Meteor dismisses picture messaging as a fad
The head of GPRS at third network Meteor has claimed that rivals Vodafone and O2 have missed the boat by focusing on picture messaging as the demand driver behind multimedia messaging services.
Saying that phone users would get tired of "sending pictures of their granny", he cited Norwegian data which suggested that the popularity of picture messaging is starting to wane and that voice services were coming back to centre stage as the appeal of picture messaging wore off. The mistake being made by O2 and Vodafone, Harding claimed, is they see MMS as a communications service whereas Meteor sees it as an entertainment service.
"Too many people get tired of picture messaging. To make MMS work you've got to give people a better proposition than just camera phones," he declared.
Meteor recently launched a range of MMS services – free until the end of January – in partnership with content providers Acotel, Thomas Crosbie Media and email provider Eyecom. In doing so, it trailed O2 and Vodafone's MMS launch by nearly a year. Harding said that growth in demand for MMS services was being impeded by a number of factors, primarily the lack of interoperability between different mobile networks but also interoperability between different manufacturers' handsets, a lack of appealing content services and excessively high pricing models. On the latter score, Harding said that Meteor's priority was to make MMS affordable to consumers when it starts charging for these services next February. "You can't get away with ripping off consumers any more," he said, taking a thinly veiled swipe at O2 and Vodafone's pricing models.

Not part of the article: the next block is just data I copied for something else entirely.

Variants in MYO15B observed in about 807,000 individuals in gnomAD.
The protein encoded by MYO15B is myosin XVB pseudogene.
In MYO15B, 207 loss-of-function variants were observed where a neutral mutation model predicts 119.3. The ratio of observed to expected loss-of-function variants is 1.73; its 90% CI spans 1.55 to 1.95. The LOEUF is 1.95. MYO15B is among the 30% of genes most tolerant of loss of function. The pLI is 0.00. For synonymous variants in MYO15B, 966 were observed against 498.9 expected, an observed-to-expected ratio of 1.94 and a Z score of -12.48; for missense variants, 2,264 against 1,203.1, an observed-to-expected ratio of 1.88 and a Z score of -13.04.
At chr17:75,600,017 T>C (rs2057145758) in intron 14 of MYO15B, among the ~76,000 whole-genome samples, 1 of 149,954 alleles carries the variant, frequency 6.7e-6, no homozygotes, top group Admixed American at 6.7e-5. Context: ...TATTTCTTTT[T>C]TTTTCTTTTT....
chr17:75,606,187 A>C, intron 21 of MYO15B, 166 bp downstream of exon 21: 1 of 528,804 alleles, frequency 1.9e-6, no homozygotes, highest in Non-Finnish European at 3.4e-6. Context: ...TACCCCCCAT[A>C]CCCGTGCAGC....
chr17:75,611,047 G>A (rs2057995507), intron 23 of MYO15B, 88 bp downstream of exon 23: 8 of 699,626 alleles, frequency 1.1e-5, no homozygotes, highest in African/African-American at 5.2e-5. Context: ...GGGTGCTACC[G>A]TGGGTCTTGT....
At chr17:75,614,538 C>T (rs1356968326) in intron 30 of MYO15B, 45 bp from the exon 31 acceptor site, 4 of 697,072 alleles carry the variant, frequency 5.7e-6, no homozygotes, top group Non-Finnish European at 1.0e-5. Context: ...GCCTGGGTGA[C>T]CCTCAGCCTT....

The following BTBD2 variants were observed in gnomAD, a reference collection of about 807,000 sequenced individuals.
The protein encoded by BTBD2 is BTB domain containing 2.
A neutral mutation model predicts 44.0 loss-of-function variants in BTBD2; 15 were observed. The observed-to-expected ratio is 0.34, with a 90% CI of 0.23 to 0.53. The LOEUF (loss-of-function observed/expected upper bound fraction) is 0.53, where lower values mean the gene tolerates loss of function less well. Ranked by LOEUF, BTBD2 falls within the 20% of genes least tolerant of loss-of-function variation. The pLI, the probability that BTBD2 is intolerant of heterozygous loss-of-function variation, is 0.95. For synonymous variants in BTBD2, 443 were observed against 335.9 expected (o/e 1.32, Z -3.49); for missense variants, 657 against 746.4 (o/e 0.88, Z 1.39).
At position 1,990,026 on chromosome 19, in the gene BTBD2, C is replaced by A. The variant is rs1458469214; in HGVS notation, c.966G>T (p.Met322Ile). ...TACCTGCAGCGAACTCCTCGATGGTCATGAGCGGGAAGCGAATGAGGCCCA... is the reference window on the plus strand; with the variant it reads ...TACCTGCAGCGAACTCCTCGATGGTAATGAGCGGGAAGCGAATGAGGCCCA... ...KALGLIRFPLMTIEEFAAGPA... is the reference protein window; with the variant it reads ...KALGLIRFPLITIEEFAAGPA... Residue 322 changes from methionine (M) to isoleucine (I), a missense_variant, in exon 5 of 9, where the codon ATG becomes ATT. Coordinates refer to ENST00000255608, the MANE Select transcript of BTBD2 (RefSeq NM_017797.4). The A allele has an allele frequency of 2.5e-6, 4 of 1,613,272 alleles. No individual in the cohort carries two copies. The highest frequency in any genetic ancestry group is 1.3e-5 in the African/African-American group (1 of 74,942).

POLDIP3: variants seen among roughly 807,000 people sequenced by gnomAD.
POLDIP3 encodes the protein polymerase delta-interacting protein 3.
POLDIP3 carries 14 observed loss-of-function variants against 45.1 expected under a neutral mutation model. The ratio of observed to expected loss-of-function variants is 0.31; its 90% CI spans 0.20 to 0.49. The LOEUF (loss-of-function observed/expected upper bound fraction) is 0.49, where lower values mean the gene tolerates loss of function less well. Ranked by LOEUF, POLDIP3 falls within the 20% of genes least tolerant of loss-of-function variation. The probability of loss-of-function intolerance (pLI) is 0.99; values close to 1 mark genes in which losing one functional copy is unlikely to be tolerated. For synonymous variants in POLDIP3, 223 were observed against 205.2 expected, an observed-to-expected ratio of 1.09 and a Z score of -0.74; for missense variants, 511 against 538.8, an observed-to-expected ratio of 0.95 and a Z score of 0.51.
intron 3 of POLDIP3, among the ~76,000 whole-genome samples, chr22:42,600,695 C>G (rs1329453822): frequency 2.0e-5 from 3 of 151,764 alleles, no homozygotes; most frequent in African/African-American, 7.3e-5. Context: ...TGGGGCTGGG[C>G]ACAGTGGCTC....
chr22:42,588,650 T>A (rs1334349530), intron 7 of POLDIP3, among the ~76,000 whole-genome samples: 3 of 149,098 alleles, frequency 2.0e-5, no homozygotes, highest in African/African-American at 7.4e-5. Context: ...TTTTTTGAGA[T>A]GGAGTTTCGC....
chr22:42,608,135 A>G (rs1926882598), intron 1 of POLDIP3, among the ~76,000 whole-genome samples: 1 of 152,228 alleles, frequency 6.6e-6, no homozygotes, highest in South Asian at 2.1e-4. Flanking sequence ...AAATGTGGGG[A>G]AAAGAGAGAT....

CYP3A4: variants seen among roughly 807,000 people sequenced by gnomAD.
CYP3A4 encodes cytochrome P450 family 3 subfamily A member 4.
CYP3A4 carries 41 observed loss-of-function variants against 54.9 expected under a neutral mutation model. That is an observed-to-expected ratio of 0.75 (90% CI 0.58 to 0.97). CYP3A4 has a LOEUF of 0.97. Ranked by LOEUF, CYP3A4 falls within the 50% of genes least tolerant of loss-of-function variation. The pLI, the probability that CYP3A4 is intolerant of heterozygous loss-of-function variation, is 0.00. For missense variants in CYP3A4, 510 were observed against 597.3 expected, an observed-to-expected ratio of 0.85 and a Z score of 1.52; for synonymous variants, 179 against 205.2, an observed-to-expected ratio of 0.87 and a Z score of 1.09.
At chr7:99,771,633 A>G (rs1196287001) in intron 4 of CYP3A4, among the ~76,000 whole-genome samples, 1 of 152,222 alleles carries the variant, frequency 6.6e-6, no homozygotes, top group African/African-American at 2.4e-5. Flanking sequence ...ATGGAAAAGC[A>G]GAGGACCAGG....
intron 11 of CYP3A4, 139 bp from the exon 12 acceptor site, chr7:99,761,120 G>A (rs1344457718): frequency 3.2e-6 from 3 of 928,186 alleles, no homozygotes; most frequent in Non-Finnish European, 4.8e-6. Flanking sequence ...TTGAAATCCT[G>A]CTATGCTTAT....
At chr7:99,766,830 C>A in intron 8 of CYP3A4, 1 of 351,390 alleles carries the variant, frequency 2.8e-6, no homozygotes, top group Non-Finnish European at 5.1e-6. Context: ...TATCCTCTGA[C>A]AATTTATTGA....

Harding added that Meteor was looking at adding to its roster of services which currently includes 'lifestyle alerts' such as movie and soccer news as well as picture messaging and email to your mobile. New services are planned to include news alert coverage of Heineken rugby, GAA and Eircom League with instant messaging and video streaming services to possibly come later.
Speaking at the same event, Gavin Barrett, business development manager of Nokia Ireland, said that MMS was finally reaching its potential in Ireland. "'Handset penetration is no longer an issue or an excuse. MMS is reaching mass market penetration and advanced services are starting to emerge," he said.
Commenting on the impact of MMS on existing SMS (ie, text messaging) services, he said: 'MMS is not cannibalising SMS. They are growing together but MMS is on a steeper growth curve."
By Brian Skelly